The Remembrance at Mons, Belgium, marked a century on from the Battle of Mons, the first clash between British and German forces in World War One. A commemoration service was held at Saint Symphorien Military Cemetery, outside the town of Mons, Belgium. More than five hundred guests joined King Philippe and Queen Mathilde of Belgium, the Duke and Duchess of Cambridge and Prince Harry to pay tribute to the fighting forces of The Great War and their sacrifice in the conflict that saw around 9.5 million soldiers lose their lives.
Amongst the speakers at the ceremony was Prince Harry who read from a letter sent by Private Michael Lennon, of 1st Battalion, the Royal Dublin Fusiliers, the day before he landed at Gallipoli in June 1915: “Well Frank, I suppose we are for it tomorrow, if we don’t get shelled on the way. I can only hope that we have all the luck to come through the night and if I should get bowled out – well it can’t be helped.” Alongside Prince Harry, British PM David Cameron paid tribute to the “ . . . young men across this continent [who]packed their kit bag, kissed their sweethearts goodbye and prepared to go to war. I think of the millions of mothers and fathers who would have stood on their front door-step, waving their sons off, not knowing if they would ever see them again.”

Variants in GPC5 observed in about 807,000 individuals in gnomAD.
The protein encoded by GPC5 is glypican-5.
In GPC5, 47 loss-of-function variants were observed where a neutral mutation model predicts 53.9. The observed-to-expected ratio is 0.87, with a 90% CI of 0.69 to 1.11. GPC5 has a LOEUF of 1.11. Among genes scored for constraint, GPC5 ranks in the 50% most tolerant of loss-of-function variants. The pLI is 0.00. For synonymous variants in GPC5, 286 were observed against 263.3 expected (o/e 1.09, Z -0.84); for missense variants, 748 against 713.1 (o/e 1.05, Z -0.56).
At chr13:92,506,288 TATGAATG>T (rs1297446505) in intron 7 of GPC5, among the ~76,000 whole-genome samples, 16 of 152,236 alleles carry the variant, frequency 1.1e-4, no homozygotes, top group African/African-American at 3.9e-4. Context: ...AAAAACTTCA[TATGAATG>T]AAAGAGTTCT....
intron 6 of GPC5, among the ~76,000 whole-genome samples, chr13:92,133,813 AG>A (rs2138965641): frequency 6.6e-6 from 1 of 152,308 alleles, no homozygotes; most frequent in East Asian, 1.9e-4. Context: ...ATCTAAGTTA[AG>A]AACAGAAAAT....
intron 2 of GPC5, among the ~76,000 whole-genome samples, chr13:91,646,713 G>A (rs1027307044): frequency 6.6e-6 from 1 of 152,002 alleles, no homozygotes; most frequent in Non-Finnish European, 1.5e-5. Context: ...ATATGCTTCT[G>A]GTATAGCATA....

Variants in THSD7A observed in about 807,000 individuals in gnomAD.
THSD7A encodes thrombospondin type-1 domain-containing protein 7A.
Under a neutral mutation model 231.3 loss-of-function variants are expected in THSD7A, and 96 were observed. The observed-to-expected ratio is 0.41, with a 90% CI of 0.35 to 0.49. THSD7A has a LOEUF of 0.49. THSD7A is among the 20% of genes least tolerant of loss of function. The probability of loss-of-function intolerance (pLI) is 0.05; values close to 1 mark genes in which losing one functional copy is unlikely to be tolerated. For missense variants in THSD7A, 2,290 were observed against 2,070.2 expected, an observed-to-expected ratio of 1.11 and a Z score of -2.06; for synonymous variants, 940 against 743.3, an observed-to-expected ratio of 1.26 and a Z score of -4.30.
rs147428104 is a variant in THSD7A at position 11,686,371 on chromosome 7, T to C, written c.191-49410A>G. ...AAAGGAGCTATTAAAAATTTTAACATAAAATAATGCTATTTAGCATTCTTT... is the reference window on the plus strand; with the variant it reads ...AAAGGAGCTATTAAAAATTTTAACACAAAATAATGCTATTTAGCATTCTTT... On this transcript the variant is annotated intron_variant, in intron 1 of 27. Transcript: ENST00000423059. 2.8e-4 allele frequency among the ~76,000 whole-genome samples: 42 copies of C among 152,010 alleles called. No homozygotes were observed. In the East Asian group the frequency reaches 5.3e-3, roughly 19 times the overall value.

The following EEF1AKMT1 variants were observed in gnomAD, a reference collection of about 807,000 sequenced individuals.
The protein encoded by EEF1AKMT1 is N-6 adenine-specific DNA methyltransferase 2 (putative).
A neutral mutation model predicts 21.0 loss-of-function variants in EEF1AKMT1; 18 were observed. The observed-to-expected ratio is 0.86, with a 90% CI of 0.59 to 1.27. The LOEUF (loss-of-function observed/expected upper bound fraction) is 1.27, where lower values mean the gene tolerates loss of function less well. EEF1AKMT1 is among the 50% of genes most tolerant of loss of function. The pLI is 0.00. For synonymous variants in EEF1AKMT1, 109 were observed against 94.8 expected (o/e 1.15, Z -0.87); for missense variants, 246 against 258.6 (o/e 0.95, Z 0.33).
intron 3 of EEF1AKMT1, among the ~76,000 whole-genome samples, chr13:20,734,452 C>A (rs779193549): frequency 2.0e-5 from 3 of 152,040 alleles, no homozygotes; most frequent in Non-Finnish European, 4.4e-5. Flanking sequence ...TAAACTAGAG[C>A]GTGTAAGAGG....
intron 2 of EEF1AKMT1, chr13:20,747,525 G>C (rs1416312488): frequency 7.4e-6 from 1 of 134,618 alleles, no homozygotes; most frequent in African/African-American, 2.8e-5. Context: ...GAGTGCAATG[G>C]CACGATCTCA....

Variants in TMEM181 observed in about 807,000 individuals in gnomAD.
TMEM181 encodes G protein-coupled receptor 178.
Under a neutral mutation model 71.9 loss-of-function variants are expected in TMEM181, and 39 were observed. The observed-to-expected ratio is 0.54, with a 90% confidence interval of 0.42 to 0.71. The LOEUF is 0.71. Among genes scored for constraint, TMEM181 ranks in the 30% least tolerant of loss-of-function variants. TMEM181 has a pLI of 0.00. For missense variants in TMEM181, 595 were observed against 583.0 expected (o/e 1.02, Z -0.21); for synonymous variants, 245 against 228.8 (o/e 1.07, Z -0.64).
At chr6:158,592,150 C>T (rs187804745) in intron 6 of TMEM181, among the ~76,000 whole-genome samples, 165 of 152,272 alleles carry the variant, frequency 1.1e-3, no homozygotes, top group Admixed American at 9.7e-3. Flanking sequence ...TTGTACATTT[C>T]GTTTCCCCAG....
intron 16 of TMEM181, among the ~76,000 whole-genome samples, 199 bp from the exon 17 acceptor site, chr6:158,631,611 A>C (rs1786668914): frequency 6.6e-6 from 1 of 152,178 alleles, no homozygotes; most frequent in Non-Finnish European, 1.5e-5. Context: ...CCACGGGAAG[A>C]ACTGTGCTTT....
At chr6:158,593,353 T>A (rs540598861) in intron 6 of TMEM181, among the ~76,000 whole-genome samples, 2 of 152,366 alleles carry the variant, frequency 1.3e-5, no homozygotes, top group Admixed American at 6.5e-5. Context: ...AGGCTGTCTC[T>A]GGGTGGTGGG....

The theme of the commemoration service was reconciliation, in which Saint Symphorien Military Cemetery itself has a poignant role, being the burial site for both British and German soldiers.
Amongst the VIP attendees was Germany’s President Joachim Gauck who spoke of the “completely unjustifiable” invasion of Belgium – “Nationalism had blinded almost everyone’s hearts and minds.” His comments were a reminder of the driving factors behind a conflict which caused suffering on a hitherto unimaginable scale and led to the fall of governments across Europe and the redrawing of its borders. Germany’s Kaiser Wilhelm II has often been seen as one of the most foolhardy of Europe’s leaders but the march to war was far from being Germany’s responsibility alone.
World War One saw the destruction of empires (the German, Austro-Hungarian and the Ottoman) and in the deluge many of Europe’s monarchies were swept away: in Russia the Romanovs were overthrown and executed, Kaiser Wilhelm II was forced into exile, as was the last of the Austro-Hungarian Habsburgs , Charles I. And for the continent’s surviving monarchs, such as the British, the future seemed uncertain with the threat of revolution apparently close at hand.
The centennial commemorations of World War One will continue throughout the year and, indeed over the coming four years as world leaders, heads of state and millions around the world join together in remembrance and honour of the fallen.